Delivering socially-conscious narratives with impeccable flow, Otis Mensah is the young hip-hop poet who embraces an experimental take on both hip-hop and poetic-expression. Appointed as Sheffield’s first poet-laureate, Mensah is a champion for the arts with a unique talent for reflecting on the political and emotional trials and tribulations of life.
You’ve been appointed as Sheffield’s first poet laureate. When poetry often has elitist and white-washed connotations, what does this recognition mean to you?
For me, the role is all about dismantling those elitist whitewashed connotations and advocating against the age-old oppressive tradition and its ingroup bias exclusivity; I feel poetry should be and is for everyone. I see poetry & art as a vehicle for emotional communication and community, to unite people and uplift people even in shared tribulations.
Do you remember when you first started writing?
I think it started off as something where I could be free to express, regardless of societal norms. I think at the beginning it was very much about being a provocative or writing from braggadocio, pretending and playing a role as a lot of rappers often do haha. However, at some point I realised that my favourite artists, the poets who resonate with me on the deepest level were those who were vulnerable. I found that in poetic-vulnerability there lies community, when you can unite people through a mutual burden, that burden doesn’t feel so heavy to bare and it starts to feel like we’re not so alone but in solidarity. To me this is the highest and most meaningful form of expression.
When did you begin using hip-hop as a form of expression and storytelling?
I think my journey to looking at things beyond the surface and more critically was sparked by artists like The Roots with albums like ‘Things Fall Apart’ & ‘How I got over’. When I was around 17-18 I was listening to a lot of Hip-Hop that hurtled me into self-discovery and personal study. I began to take on a sort of introspective yet outward gaze.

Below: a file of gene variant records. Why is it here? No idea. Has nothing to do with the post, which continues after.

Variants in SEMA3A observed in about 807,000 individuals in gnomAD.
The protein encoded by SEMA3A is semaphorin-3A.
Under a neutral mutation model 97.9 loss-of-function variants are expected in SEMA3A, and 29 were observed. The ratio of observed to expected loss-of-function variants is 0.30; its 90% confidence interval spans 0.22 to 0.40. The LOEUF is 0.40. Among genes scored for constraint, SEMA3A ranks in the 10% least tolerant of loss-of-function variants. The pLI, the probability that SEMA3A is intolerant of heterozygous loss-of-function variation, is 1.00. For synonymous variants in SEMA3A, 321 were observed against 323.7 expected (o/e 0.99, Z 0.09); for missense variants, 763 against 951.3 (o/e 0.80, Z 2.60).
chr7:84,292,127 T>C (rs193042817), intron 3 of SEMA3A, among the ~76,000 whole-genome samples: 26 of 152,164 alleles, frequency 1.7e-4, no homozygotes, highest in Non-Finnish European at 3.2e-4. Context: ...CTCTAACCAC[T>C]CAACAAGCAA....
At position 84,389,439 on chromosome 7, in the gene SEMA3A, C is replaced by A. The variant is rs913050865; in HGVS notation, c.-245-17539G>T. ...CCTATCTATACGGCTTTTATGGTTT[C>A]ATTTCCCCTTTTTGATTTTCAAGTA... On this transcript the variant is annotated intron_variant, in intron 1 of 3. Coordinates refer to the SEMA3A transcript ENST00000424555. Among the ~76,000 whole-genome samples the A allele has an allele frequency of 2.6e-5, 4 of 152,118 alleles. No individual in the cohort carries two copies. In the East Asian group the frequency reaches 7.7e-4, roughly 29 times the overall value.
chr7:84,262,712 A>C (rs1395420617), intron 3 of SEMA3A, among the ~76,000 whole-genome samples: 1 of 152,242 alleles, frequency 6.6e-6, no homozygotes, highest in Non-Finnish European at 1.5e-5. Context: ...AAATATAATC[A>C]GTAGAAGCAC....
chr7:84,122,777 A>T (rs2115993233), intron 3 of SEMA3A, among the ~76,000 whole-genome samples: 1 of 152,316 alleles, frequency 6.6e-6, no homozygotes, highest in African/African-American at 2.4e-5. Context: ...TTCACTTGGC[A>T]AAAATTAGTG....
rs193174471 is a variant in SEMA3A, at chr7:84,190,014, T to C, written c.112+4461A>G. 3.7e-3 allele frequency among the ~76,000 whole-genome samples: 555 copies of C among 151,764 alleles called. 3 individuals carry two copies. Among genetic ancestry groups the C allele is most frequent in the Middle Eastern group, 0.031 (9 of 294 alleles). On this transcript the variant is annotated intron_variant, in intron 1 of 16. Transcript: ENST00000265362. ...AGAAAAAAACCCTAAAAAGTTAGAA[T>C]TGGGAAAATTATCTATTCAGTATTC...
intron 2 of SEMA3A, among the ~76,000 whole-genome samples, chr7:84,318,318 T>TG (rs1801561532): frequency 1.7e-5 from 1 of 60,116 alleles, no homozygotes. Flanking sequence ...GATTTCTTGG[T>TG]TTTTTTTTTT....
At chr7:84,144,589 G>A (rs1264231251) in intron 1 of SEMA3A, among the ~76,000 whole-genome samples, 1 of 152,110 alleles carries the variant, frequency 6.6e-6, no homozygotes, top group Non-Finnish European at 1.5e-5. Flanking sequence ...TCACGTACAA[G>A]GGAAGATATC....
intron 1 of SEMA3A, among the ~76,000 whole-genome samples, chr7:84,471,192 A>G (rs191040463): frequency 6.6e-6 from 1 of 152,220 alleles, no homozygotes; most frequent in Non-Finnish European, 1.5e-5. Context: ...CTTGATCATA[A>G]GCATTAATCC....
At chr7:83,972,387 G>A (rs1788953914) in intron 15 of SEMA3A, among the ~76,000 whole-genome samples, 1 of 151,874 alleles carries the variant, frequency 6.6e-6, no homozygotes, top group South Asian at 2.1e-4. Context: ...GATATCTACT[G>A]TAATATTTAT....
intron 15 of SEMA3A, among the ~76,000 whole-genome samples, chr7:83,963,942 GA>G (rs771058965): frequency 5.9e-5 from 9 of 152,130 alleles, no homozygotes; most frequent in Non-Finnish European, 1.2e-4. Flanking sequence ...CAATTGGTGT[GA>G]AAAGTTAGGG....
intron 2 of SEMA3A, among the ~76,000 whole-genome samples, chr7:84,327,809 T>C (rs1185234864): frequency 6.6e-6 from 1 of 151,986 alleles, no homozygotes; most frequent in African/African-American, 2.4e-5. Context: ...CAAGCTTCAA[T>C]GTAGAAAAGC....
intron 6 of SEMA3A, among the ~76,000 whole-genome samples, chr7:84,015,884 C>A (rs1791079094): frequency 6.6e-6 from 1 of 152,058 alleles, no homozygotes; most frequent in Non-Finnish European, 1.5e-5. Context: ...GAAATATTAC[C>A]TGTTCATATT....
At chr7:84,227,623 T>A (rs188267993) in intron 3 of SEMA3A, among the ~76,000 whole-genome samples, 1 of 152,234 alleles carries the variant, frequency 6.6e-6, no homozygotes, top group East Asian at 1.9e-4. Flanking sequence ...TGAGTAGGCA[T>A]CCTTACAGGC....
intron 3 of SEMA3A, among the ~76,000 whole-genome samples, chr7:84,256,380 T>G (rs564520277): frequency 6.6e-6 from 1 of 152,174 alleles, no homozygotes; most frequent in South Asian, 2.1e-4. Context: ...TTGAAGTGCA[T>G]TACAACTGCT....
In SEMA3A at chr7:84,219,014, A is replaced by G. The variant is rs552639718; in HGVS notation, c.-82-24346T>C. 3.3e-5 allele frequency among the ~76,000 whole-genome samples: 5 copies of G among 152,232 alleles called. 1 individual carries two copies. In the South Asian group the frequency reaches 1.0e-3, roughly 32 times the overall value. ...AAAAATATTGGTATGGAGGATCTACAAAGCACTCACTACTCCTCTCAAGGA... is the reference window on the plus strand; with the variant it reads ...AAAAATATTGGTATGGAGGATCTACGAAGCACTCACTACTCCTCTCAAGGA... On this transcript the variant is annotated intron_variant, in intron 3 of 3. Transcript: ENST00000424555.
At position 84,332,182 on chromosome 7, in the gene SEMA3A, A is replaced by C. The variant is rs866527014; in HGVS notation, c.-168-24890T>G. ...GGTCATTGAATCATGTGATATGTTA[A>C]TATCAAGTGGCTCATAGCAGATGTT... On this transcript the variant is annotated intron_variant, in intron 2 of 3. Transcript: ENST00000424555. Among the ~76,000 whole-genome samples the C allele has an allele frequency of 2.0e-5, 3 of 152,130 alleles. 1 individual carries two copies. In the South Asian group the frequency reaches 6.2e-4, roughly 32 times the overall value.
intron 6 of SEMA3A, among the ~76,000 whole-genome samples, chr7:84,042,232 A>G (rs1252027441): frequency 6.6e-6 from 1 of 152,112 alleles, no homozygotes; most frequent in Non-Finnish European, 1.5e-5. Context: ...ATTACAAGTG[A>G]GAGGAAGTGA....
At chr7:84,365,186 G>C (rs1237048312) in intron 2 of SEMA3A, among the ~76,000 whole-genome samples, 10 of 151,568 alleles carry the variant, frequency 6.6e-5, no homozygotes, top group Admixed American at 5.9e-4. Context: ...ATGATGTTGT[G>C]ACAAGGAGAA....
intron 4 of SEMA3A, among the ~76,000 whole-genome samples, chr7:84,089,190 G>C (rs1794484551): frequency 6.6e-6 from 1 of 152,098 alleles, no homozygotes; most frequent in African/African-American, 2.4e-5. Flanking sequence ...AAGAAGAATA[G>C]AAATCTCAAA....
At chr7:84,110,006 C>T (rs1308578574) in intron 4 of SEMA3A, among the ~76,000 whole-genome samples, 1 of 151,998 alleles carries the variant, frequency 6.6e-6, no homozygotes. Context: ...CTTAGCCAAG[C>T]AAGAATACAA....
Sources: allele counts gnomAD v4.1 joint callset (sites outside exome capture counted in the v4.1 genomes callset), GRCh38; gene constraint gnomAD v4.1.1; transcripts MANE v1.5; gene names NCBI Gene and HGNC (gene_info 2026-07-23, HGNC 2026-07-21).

You grew up in Sheffield. What are your thoughts on the creative scene there?
I’m always in awe of the incredible talent that exists in Sheffield; it’s beautiful to know that there’s artists pushing boundaries, even on a global scale, from your home. I’ve been listening to a lot KOG & The Zongo Brigade, their album ‘Wahala Wahala’ is such an uplifting, high-octane piece of art. I love everything that Steve Edwards does with his band Universal Tree, incredible music for the soul. Artist collectives like Blancmange Lounge - Jackie Moonbather’s masterpieces.
There’s a flourishing poetry scene, Warda Yassin is an amazing poet and her debut pamphlet ‘Tea & Cardamon” is a treasure trove of beautiful imagery & poetry about family & community. Raluca de Soleil, another incredible poet from the city, releasing her book for the second time soon. Jack Young one of my favourite spoken word artists. Much needed Nights like Verse Matters are amazing entities for change in the city. Also, there’s organisations like Hive which is an amazing hub for young poets & writers in the city, again doing great work.
Do you have any projects in the works?
I have a new EP, Rap Poetics, out this October. It explores rap as an intellectual art form and potent form of poetry in the face of its constant devaluation as something ‘disposable’ or ‘unintelligent’. Also focusing on the power of vulnerability and artistic expression as emotional communication. I hope to start a festival here in Sheffield dedicated to artists contributing to the Hip-Hop Poetry movement in the new year, as well as a new podcast.